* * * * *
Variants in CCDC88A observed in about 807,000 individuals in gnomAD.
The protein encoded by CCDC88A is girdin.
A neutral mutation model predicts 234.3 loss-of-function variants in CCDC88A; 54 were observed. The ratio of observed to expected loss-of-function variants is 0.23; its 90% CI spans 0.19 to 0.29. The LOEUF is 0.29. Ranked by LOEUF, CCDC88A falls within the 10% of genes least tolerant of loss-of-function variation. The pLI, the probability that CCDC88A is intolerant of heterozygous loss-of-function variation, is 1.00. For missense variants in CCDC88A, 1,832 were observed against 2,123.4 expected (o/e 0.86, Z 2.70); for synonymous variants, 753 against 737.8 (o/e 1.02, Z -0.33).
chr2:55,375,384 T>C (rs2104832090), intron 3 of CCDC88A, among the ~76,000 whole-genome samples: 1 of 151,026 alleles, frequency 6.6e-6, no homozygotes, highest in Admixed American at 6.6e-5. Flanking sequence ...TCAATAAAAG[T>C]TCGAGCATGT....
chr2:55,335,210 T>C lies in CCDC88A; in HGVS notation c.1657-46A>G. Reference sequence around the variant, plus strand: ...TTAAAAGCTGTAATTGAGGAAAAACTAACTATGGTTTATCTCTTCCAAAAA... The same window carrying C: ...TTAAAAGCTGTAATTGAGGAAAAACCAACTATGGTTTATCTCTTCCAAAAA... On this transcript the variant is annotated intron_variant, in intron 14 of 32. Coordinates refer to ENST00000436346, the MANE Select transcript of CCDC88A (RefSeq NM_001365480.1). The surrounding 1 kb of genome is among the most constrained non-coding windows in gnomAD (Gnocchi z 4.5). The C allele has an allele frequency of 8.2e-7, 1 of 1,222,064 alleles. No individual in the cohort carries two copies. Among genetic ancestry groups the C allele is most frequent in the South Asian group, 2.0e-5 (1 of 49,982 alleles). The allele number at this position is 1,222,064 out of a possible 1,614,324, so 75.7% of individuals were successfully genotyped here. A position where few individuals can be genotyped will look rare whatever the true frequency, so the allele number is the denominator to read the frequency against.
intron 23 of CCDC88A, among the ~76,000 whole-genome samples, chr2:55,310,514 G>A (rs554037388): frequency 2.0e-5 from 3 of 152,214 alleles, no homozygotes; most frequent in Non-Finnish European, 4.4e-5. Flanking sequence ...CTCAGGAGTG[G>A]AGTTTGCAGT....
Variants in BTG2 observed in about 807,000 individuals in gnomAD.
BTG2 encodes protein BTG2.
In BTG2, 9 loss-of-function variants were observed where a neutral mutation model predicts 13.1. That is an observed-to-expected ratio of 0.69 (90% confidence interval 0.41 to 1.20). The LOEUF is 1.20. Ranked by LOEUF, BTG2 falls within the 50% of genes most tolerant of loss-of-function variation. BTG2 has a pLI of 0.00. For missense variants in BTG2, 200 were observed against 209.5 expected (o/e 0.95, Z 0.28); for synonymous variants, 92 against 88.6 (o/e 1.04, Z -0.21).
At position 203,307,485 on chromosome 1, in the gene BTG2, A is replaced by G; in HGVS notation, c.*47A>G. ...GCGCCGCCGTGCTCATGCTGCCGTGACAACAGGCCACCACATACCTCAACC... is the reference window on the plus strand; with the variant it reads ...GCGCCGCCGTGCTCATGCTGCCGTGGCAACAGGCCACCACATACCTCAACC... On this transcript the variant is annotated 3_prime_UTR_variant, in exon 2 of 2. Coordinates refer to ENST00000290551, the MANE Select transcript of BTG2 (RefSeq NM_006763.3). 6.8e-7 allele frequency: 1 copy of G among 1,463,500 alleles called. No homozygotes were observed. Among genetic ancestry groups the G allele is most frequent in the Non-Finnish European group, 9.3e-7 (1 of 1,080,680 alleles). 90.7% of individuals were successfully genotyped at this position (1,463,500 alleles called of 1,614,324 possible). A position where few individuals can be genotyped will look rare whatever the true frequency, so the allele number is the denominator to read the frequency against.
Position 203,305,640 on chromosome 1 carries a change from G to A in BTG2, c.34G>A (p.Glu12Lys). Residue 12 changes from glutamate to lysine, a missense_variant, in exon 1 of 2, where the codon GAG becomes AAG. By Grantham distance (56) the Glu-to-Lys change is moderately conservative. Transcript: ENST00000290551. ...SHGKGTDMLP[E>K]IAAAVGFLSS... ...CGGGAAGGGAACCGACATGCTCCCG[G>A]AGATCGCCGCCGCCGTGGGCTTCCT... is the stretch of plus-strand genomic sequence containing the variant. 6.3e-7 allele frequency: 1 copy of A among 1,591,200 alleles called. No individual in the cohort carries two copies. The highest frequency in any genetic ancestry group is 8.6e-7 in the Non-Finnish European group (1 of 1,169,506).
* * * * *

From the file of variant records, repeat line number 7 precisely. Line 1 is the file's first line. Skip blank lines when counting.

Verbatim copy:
Variants in BTG2 observed in about 807,000 individuals in gnomAD.